Until recently, the word “Champagne” for me was synonymous with “special occasions”, “bubbles”, “celebrations” etc. Earlier this month, I discovered that there is so much more to Champagne than sparkling wine. I discovered another dimension that wine lovers and non-wine lovers could enjoy, an incredibly rich history, a “real life museum” that most generations could find interesting, intriguing and entertaining…. Let have a look deeper into the cellars and history of some of the best known Champagne houses..
Eugene Mercier always dreamt about opening a House of Champagne which he did in in 1858 when he was then only 20 years old! For him, things had to be “big” and “impressive”.
When he decided to dig some cellars in 1871 his order to the architect was “Count in kilometres, not in metres”! 18 kilometres of cellars were born and today you can visit them by train after going through a unique and entertaining elevator’s journey that will take you 30 metres under the ground….
The grandeur of Eugene Mercier doesn’t stop here. Still in 1871, he decided to build the largest wooden barrel ever produced. That will contain the equivalent of 200 000 bottles of Champagne! The barrel was presented in 1889 at the Paris Universal exhibition and won the second prize just after….. the Eiffel Tower !
The cellars can be visited any day of the week, including weekend and bank holidays. You can find more details with this link: http://www.champagnemercier.fr/en/visit-cellars/booking
Champagne Dom Perignon
Not everybody is fortunate enough to have tasted Champagne Dom Perignon, but many of you will have heard about this legendary monk that helped revolutionize the Champagne making process.
If you love architecture and visiting old monuments then you should definitely stop in Hautvillers to have a look at the abbey were Dom Perignon is buried… just a metre away from Dom Ruinart. It is free to access or for €5/person you can have a guided tour (€7/person if you would like to taste some Champagne from the area). More details and options by following this link: http://www.tourisme-hautvillers.com/office_de_tourisme_details_activite_touristique-9-Visite_guidee_dHautvillers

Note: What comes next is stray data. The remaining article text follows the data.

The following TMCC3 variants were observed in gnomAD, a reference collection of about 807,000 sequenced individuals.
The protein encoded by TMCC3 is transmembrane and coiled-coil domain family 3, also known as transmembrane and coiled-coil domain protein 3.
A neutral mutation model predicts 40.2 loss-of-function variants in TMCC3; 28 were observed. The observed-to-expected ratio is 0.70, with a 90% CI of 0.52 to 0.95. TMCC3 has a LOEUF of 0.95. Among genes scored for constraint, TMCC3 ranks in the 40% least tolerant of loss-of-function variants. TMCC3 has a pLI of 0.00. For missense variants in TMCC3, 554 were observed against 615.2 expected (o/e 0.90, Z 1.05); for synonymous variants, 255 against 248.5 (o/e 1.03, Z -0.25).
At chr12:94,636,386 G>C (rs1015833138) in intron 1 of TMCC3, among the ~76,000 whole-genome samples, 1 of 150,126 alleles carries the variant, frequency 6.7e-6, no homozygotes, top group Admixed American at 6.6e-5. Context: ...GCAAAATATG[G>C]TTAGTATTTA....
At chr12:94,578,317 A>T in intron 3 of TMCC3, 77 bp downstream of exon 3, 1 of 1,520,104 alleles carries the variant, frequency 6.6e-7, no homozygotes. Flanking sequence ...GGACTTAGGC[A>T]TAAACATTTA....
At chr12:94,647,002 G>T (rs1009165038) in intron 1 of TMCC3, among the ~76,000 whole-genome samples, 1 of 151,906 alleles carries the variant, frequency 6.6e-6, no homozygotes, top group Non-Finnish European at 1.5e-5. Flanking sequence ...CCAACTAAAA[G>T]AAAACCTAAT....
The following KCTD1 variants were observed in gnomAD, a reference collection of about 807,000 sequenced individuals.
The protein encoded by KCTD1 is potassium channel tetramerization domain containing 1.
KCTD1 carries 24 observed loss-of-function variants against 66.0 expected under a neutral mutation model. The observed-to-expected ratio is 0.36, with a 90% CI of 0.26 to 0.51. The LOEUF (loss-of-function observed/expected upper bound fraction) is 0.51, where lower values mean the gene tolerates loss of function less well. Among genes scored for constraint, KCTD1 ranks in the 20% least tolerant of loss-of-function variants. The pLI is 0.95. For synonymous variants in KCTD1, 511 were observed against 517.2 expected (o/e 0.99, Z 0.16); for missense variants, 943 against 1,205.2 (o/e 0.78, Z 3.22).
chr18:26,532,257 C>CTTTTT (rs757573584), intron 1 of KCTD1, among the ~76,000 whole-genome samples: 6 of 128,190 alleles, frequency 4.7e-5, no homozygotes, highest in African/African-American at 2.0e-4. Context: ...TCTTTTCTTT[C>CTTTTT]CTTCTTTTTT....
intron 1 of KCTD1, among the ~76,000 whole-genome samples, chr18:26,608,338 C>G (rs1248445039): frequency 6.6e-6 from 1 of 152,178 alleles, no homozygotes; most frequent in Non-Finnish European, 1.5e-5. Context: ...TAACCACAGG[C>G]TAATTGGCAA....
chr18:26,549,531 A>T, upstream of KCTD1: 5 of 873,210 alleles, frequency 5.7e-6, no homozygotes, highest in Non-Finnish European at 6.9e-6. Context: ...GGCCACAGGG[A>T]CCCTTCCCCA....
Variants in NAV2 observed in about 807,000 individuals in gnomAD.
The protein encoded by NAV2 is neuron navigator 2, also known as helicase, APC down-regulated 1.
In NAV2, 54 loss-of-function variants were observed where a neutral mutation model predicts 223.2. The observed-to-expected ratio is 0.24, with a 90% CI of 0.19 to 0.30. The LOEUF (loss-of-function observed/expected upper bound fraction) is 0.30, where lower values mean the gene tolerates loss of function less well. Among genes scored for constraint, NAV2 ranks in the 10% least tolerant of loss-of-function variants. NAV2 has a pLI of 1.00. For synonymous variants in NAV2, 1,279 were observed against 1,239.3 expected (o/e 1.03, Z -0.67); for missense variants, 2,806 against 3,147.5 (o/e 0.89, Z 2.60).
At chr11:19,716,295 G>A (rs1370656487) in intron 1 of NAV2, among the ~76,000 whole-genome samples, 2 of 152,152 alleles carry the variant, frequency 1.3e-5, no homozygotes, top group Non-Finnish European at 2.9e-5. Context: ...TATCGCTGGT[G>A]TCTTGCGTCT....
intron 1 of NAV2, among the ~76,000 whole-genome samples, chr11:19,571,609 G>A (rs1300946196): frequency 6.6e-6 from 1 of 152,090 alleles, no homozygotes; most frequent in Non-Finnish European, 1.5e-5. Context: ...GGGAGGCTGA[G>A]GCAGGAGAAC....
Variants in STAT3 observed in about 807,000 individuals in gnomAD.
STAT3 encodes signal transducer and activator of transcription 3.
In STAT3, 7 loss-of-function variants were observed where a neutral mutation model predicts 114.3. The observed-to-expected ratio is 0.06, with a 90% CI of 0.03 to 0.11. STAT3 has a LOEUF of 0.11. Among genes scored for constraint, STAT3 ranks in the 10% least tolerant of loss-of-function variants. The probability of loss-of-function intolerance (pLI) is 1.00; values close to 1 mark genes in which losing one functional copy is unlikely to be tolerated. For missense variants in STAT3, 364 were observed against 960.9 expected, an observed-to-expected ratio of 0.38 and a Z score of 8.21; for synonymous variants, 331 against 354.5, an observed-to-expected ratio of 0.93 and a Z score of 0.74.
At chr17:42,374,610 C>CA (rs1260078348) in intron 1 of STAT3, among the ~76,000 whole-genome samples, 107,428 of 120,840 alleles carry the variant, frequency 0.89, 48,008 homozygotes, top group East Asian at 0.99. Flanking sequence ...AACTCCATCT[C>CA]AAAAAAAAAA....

If you are looking for very special experience with no budget restriction, then you could also be one of the first to attend the “Dom Perignon atelier”. A full day including visit of the Domaine, of the recently renovated cellars and of course tasting of some very special vintages! http://www.domperignon.com/image/atelier-dom-perignon/
Is it possible to talk about Reims without starting by discussing the Notre-Dame cathedral? This is one of the most famous and impressive religious building in France (longer than Notre Dame de Paris) and is classified as part of the UNESCO Wold Heritage since 1991. If you are interested in visiting the cathedral, access is free, daily from 7.30am to 7pm.
A visit to Champagne Veuve Clicquot is a real jump back in time, to the mid-19th century, to the period when Madame Clicquot was in charge of the running of the property and Champagne production. From the start to the end of the visit, this is purely magical.
The exact replica of the very first bookkeeping book from the champagne house will set the tone at the entrance of the cellars.
Then step by step you will be taken to the underground world again….